Drum brakes are largely the preserve of load-lugging utes in 2021, but the electric car revolution could give them a new lease on life.

    Already we’ve seen Volkswagen opt for rear drum brakes on its ID.3 electric hatch and ID.4 electric SUV, and it’s only likely to become more common as carmakers roll out their battery-powered vehicles.

    Why? In a petrol-powered car, the brakes do most of the work when you want to slow down, save for a bit of engine braking.

    In an electric car, regenerative braking flips the script.

    When you lift off the throttle in an electric car, the motors essentially turn into dynamos.

    Rather than converting all the energy spent getting up to speed into heat and brake dust, regenerative braking feeds some of it back to the battery to help eke out extra range.

    It’s a clever way to go further on a charge, and lets owners do most of their city driving using only one pedal, but it also means the brakes in electric cars need to be engineered differently.

    With less heat being put through them less frequently, EV brakes can be smaller and lighter. They need to resist corrosion if they aren’t used for long periods of time, and have to integrate with other vehicle systems in a new way.

    One of the solutions from suppliers such as Continental is drum brakes.

    “The drum brake is addressing many of the issues we’re seeing on the market today,” said Jean-Michel Verdier, head of research and development for hydraulic brake systems at Continental.

    Drums are lighter than discs, and can be fully enclosed to stop corrosion.

    They don’t have the same top-end performance as discs, but front discs and rear drums backed by electric motors have more than enough power for the average family car.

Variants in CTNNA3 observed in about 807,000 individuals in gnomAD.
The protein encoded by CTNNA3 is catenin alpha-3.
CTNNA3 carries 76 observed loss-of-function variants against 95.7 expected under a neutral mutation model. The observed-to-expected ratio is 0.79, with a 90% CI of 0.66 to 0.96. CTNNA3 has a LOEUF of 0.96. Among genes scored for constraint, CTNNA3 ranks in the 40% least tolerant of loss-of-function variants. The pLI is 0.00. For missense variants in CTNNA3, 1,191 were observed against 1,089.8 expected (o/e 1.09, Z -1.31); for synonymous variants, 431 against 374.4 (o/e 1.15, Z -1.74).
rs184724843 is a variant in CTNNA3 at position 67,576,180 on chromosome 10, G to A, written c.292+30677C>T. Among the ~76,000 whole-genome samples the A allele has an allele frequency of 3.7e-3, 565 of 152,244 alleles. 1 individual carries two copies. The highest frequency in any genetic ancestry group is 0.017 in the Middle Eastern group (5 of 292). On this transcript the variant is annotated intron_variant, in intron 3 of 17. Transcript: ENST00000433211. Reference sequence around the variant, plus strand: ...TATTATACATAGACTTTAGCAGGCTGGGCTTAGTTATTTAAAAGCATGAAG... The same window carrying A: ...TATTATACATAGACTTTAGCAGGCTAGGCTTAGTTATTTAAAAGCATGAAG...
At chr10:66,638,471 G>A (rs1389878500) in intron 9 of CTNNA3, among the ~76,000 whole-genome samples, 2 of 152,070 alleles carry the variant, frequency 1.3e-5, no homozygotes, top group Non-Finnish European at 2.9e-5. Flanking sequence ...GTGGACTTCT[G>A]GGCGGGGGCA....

Mr Verdier says carmakers are “right-sizing” the brakes for their electric car, and drums are often the solution.

    He also pointed to upcoming European regulations governing everything from exhaust gases to particles from brakes and tyres, likely from 2025.

    Enclosed drum brakes “address one of the key topics OEMs are facing today”, he said, by emitting less dust into the atmosphere.

    Continental is aware of the “perception” drum brakes are inferior to discs, and says it’s “working on it”.

    “We are working not only on the communication and the change of perception of the public, but we are also working on enhancing the performance,” Mr Verdier said.

    A swing back towards drums is part of a broader strategy that will eventually see Continental delivering ‘dry brakes’ that do away with hydraulic fluid and become fully ‘by-wire’, although it won’t happen overnight.

    It also plans to make its braking systems more modular, so carmakers can pick and choose the components that best suit them, and have them communicate with all the other vehicle systems.

    Scott Collie

    Scott Collie is an automotive journalist based in Melbourne, Australia. Scott studied journalism at RMIT University and, after a lifelong obsession with everything automotive, started covering the car industry shortly afterwards. He has a passion for travel, and is an avid Melbourne Demons supporter.

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